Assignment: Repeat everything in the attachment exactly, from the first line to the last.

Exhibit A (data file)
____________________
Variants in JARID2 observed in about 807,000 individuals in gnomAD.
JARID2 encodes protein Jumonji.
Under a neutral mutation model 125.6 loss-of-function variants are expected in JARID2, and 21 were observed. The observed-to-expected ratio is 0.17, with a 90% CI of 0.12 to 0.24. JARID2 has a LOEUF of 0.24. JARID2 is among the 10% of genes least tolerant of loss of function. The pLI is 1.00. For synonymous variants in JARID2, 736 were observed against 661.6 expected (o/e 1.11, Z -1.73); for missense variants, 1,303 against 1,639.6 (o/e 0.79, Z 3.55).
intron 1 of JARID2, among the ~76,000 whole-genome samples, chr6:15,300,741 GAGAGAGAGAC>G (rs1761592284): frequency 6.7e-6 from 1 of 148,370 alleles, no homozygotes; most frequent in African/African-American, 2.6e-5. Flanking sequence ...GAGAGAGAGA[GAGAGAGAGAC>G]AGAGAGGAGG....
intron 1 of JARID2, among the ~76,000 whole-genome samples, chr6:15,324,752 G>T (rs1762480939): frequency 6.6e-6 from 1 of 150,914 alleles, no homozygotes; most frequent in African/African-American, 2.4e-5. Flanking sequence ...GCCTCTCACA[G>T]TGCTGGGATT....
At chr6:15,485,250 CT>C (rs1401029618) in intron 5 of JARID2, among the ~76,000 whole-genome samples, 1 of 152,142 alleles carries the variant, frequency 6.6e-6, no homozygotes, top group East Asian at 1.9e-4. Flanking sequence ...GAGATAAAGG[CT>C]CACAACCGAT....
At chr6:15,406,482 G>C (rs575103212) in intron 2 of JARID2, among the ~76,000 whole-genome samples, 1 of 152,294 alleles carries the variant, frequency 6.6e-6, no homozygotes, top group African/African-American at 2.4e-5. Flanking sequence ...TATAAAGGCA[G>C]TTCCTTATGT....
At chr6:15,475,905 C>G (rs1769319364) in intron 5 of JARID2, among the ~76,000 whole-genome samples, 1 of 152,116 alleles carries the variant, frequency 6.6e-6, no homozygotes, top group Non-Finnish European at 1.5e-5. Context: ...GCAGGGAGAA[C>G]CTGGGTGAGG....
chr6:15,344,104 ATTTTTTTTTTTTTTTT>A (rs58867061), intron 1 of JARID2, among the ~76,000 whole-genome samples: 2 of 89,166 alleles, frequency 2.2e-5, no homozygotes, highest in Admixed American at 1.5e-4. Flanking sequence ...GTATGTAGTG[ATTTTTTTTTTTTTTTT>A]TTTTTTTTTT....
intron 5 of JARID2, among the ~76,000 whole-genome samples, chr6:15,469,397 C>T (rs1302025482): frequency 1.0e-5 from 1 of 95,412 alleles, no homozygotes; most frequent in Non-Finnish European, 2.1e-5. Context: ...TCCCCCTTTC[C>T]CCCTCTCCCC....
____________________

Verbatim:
Variants in JARID2 observed in about 807,000 individuals in gnomAD.
JARID2 encodes protein Jumonji.
Under a neutral mutation model 125.6 loss-of-function variants are expected in JARID2, and 21 were observed. The observed-to-expected ratio is 0.17, with a 90% CI of 0.12 to 0.24. JARID2 has a LOEUF of 0.24. JARID2 is among the 10% of genes least tolerant of loss of function. The pLI is 1.00. For synonymous variants in JARID2, 736 were observed against 661.6 expected (o/e 1.11, Z -1.73); for missense variants, 1,303 against 1,639.6 (o/e 0.79, Z 3.55).
intron 1 of JARID2, among the ~76,000 whole-genome samples, chr6:15,300,741 GAGAGAGAGAC>G (rs1761592284): frequency 6.7e-6 from 1 of 148,370 alleles, no homozygotes; most frequent in African/African-American, 2.6e-5. Flanking sequence ...GAGAGAGAGA[GAGAGAGAGAC>G]AGAGAGGAGG....
intron 1 of JARID2, among the ~76,000 whole-genome samples, chr6:15,324,752 G>T (rs1762480939): frequency 6.6e-6 from 1 of 150,914 alleles, no homozygotes; most frequent in African/African-American, 2.4e-5. Flanking sequence ...GCCTCTCACA[G>T]TGCTGGGATT....
At chr6:15,485,250 CT>C (rs1401029618) in intron 5 of JARID2, among the ~76,000 whole-genome samples, 1 of 152,142 alleles carries the variant, frequency 6.6e-6, no homozygotes, top group East Asian at 1.9e-4. Flanking sequence ...GAGATAAAGG[CT>C]CACAACCGAT....
At chr6:15,406,482 G>C (rs575103212) in intron 2 of JARID2, among the ~76,000 whole-genome samples, 1 of 152,294 alleles carries the variant, frequency 6.6e-6, no homozygotes, top group African/African-American at 2.4e-5. Flanking sequence ...TATAAAGGCA[G>C]TTCCTTATGT....
At chr6:15,475,905 C>G (rs1769319364) in intron 5 of JARID2, among the ~76,000 whole-genome samples, 1 of 152,116 alleles carries the variant, frequency 6.6e-6, no homozygotes, top group Non-Finnish European at 1.5e-5. Context: ...GCAGGGAGAA[C>G]CTGGGTGAGG....
chr6:15,344,104 ATTTTTTTTTTTTTTTT>A (rs58867061), intron 1 of JARID2, among the ~76,000 whole-genome samples: 2 of 89,166 alleles, frequency 2.2e-5, no homozygotes, highest in Admixed American at 1.5e-4. Flanking sequence ...GTATGTAGTG[ATTTTTTTTTTTTTTTT>A]TTTTTTTTTT....
intron 5 of JARID2, among the ~76,000 whole-genome samples, chr6:15,469,397 C>T (rs1302025482): frequency 1.0e-5 from 1 of 95,412 alleles, no homozygotes; most frequent in Non-Finnish European, 2.1e-5. Context: ...TCCCCCTTTC[C>T]CCCTCTCCCC....